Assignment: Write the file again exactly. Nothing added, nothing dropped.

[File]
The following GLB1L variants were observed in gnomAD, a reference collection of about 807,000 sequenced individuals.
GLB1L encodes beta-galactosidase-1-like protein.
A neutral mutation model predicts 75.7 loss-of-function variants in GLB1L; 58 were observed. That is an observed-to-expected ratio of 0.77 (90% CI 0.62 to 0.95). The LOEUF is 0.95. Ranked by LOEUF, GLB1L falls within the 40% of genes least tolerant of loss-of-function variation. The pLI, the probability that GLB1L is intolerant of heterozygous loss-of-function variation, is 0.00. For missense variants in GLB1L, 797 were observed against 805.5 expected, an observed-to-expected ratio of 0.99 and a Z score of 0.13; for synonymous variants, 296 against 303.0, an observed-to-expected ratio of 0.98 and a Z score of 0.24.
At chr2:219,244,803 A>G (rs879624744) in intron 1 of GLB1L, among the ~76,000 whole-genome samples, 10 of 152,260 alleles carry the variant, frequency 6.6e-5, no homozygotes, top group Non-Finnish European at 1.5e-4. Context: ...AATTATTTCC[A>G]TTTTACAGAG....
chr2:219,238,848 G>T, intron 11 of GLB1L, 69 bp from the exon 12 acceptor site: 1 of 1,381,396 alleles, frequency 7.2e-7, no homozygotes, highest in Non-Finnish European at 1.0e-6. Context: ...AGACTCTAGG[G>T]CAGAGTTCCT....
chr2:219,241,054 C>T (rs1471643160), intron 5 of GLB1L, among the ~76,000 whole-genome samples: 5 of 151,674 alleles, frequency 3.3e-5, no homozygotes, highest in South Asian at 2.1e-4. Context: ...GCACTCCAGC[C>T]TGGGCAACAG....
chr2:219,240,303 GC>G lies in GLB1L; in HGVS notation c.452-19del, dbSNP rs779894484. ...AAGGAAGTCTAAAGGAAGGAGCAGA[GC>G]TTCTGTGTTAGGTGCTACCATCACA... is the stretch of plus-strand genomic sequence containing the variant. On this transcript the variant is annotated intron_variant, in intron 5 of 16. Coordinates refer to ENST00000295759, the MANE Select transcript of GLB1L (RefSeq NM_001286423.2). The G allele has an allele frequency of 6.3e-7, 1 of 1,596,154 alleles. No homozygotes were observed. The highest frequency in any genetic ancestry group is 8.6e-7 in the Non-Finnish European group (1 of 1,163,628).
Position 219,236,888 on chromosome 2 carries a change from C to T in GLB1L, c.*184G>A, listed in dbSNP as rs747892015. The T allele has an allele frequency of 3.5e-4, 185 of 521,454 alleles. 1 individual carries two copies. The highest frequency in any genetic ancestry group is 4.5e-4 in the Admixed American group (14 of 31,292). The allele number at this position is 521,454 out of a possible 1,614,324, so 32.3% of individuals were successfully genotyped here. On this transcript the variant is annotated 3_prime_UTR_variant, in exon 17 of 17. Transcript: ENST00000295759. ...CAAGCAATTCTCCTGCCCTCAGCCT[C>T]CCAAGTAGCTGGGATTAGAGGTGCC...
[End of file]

The following GLB1L variants were observed in gnomAD, a reference collection of about 807,000 sequenced individuals.
GLB1L encodes beta-galactosidase-1-like protein.
A neutral mutation model predicts 75.7 loss-of-function variants in GLB1L; 58 were observed. That is an observed-to-expected ratio of 0.77 (90% CI 0.62 to 0.95). The LOEUF is 0.95. Ranked by LOEUF, GLB1L falls within the 40% of genes least tolerant of loss-of-function variation. The pLI, the probability that GLB1L is intolerant of heterozygous loss-of-function variation, is 0.00. For missense variants in GLB1L, 797 were observed against 805.5 expected, an observed-to-expected ratio of 0.99 and a Z score of 0.13; for synonymous variants, 296 against 303.0, an observed-to-expected ratio of 0.98 and a Z score of 0.24.
At chr2:219,244,803 A>G (rs879624744) in intron 1 of GLB1L, among the ~76,000 whole-genome samples, 10 of 152,260 alleles carry the variant, frequency 6.6e-5, no homozygotes, top group Non-Finnish European at 1.5e-4. Context: ...AATTATTTCC[A>G]TTTTACAGAG....
chr2:219,238,848 G>T, intron 11 of GLB1L, 69 bp from the exon 12 acceptor site: 1 of 1,381,396 alleles, frequency 7.2e-7, no homozygotes, highest in Non-Finnish European at 1.0e-6. Context: ...AGACTCTAGG[G>T]CAGAGTTCCT....
chr2:219,241,054 C>T (rs1471643160), intron 5 of GLB1L, among the ~76,000 whole-genome samples: 5 of 151,674 alleles, frequency 3.3e-5, no homozygotes, highest in South Asian at 2.1e-4. Context: ...GCACTCCAGC[C>T]TGGGCAACAG....
chr2:219,240,303 GC>G lies in GLB1L; in HGVS notation c.452-19del, dbSNP rs779894484. ...AAGGAAGTCTAAAGGAAGGAGCAGA[GC>G]TTCTGTGTTAGGTGCTACCATCACA... is the stretch of plus-strand genomic sequence containing the variant. On this transcript the variant is annotated intron_variant, in intron 5 of 16. Coordinates refer to ENST00000295759, the MANE Select transcript of GLB1L (RefSeq NM_001286423.2). The G allele has an allele frequency of 6.3e-7, 1 of 1,596,154 alleles. No homozygotes were observed. The highest frequency in any genetic ancestry group is 8.6e-7 in the Non-Finnish European group (1 of 1,163,628).
Position 219,236,888 on chromosome 2 carries a change from C to T in GLB1L, c.*184G>A, listed in dbSNP as rs747892015. The T allele has an allele frequency of 3.5e-4, 185 of 521,454 alleles. 1 individual carries two copies. The highest frequency in any genetic ancestry group is 4.5e-4 in the Admixed American group (14 of 31,292). The allele number at this position is 521,454 out of a possible 1,614,324, so 32.3% of individuals were successfully genotyped here. On this transcript the variant is annotated 3_prime_UTR_variant, in exon 17 of 17. Transcript: ENST00000295759. ...CAAGCAATTCTCCTGCCCTCAGCCT[C>T]CCAAGTAGCTGGGATTAGAGGTGCC...